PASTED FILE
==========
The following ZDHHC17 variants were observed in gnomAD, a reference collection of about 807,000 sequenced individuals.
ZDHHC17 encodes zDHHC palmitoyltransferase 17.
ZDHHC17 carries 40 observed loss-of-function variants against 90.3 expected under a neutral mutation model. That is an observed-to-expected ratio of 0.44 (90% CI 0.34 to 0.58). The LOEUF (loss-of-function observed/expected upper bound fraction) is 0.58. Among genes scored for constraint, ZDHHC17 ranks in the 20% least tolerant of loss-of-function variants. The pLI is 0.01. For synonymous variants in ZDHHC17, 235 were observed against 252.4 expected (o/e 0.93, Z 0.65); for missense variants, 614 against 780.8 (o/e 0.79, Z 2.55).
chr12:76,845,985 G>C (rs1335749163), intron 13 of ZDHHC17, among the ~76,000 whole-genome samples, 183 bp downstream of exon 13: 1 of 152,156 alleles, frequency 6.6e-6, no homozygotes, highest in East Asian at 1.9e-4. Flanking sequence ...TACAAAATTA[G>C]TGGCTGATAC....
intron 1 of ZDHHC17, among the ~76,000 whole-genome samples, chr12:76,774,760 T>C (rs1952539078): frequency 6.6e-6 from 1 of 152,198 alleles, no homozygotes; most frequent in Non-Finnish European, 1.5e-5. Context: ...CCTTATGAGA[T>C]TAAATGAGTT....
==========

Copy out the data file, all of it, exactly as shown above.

The following ZDHHC17 variants were observed in gnomAD, a reference collection of about 807,000 sequenced individuals.
ZDHHC17 encodes zDHHC palmitoyltransferase 17.
ZDHHC17 carries 40 observed loss-of-function variants against 90.3 expected under a neutral mutation model. That is an observed-to-expected ratio of 0.44 (90% CI 0.34 to 0.58). The LOEUF (loss-of-function observed/expected upper bound fraction) is 0.58. Among genes scored for constraint, ZDHHC17 ranks in the 20% least tolerant of loss-of-function variants. The pLI is 0.01. For synonymous variants in ZDHHC17, 235 were observed against 252.4 expected (o/e 0.93, Z 0.65); for missense variants, 614 against 780.8 (o/e 0.79, Z 2.55).
chr12:76,845,985 G>C (rs1335749163), intron 13 of ZDHHC17, among the ~76,000 whole-genome samples, 183 bp downstream of exon 13: 1 of 152,156 alleles, frequency 6.6e-6, no homozygotes, highest in East Asian at 1.9e-4. Flanking sequence ...TACAAAATTA[G>C]TGGCTGATAC....
intron 1 of ZDHHC17, among the ~76,000 whole-genome samples, chr12:76,774,760 T>C (rs1952539078): frequency 6.6e-6 from 1 of 152,198 alleles, no homozygotes; most frequent in Non-Finnish European, 1.5e-5. Context: ...CCTTATGAGA[T>C]TAAATGAGTT....